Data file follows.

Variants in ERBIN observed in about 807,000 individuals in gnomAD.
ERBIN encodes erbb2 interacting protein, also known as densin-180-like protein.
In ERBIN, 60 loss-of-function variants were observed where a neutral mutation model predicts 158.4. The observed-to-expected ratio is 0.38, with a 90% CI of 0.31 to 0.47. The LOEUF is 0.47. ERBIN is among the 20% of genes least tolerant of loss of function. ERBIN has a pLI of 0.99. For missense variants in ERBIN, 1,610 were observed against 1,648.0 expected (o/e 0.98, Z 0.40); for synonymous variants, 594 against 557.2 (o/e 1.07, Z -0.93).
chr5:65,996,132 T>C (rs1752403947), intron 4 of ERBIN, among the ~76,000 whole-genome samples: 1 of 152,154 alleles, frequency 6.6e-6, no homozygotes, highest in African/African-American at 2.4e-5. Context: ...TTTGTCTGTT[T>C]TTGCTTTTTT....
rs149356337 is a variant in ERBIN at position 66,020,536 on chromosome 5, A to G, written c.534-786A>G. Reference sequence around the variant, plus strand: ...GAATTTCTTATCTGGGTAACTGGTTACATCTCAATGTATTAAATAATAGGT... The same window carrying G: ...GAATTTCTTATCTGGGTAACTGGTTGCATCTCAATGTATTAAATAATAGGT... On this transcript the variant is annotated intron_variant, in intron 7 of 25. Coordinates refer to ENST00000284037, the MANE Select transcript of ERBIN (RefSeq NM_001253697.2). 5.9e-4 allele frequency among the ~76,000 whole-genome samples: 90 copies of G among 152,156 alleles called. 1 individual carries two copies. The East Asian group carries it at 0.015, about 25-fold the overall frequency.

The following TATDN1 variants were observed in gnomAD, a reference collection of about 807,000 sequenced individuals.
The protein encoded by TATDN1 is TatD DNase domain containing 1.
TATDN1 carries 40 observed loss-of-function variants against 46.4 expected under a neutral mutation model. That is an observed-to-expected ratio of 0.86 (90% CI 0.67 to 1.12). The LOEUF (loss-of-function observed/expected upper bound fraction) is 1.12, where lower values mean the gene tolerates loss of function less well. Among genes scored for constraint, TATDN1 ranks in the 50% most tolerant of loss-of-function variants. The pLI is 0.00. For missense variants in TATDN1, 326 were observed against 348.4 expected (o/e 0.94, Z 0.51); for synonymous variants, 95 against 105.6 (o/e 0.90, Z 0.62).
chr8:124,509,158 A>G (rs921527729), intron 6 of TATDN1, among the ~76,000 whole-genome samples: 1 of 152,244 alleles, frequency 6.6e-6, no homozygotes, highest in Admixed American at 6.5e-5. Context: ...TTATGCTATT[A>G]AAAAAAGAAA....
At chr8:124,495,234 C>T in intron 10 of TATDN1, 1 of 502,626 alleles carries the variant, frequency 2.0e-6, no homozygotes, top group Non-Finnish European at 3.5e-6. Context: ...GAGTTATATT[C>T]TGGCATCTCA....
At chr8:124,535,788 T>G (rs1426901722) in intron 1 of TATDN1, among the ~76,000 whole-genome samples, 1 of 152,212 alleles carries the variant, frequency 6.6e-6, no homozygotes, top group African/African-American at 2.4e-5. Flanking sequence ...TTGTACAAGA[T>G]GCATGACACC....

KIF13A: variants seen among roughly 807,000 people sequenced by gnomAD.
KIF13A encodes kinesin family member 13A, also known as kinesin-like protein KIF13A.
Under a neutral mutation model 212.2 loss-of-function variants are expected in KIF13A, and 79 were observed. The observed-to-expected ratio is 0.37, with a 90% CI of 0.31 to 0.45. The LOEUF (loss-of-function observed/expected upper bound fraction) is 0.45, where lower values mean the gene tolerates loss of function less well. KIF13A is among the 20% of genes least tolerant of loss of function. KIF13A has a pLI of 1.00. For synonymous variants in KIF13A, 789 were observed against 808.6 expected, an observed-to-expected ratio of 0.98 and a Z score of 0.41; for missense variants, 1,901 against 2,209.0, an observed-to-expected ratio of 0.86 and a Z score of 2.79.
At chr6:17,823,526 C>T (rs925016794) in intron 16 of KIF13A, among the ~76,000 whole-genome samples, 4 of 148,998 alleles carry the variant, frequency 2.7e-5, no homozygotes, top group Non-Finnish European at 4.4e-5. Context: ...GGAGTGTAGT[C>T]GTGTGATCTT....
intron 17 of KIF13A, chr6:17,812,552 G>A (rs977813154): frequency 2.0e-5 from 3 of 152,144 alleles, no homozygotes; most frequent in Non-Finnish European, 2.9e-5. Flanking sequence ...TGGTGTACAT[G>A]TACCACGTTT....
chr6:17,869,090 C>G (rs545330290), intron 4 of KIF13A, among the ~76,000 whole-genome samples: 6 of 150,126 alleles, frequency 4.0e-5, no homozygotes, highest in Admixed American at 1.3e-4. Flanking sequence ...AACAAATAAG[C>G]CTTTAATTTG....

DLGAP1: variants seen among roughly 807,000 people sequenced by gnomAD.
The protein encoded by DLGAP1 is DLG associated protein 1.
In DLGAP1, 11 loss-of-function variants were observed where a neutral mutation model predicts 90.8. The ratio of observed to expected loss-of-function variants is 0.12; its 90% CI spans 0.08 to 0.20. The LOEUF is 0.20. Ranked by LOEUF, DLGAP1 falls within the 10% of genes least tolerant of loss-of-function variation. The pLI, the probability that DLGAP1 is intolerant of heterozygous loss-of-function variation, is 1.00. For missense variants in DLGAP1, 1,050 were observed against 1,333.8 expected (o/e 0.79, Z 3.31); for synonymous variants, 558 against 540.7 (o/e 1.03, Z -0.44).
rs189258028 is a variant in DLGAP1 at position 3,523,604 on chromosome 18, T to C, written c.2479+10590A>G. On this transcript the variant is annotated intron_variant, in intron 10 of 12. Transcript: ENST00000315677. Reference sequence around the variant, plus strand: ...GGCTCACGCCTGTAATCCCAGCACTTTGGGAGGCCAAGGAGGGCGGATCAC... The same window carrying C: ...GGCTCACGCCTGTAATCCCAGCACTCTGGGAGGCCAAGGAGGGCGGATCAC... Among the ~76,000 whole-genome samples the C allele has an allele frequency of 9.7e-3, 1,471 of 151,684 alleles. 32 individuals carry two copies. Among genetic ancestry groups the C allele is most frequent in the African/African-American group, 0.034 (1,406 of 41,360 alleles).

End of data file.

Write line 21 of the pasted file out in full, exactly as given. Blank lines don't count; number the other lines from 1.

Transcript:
rs189258028 is a variant in DLGAP1 at position 3,523,604 on chromosome 18, T to C, written c.2479+10590A>G. On this transcript the variant is annotated intron_variant, in intron 10 of 12. Transcript: ENST00000315677. Reference sequence around the variant, plus strand: ...GGCTCACGCCTGTAATCCCAGCACTTTGGGAGGCCAAGGAGGGCGGATCAC... The same window carrying C: ...GGCTCACGCCTGTAATCCCAGCACTCTGGGAGGCCAAGGAGGGCGGATCAC... Among the ~76,000 whole-genome samples the C allele has an allele frequency of 9.7e-3, 1,471 of 151,684 alleles. 32 individuals carry two copies. Among genetic ancestry groups the C allele is most frequent in the African/African-American group, 0.034 (1,406 of 41,360 alleles).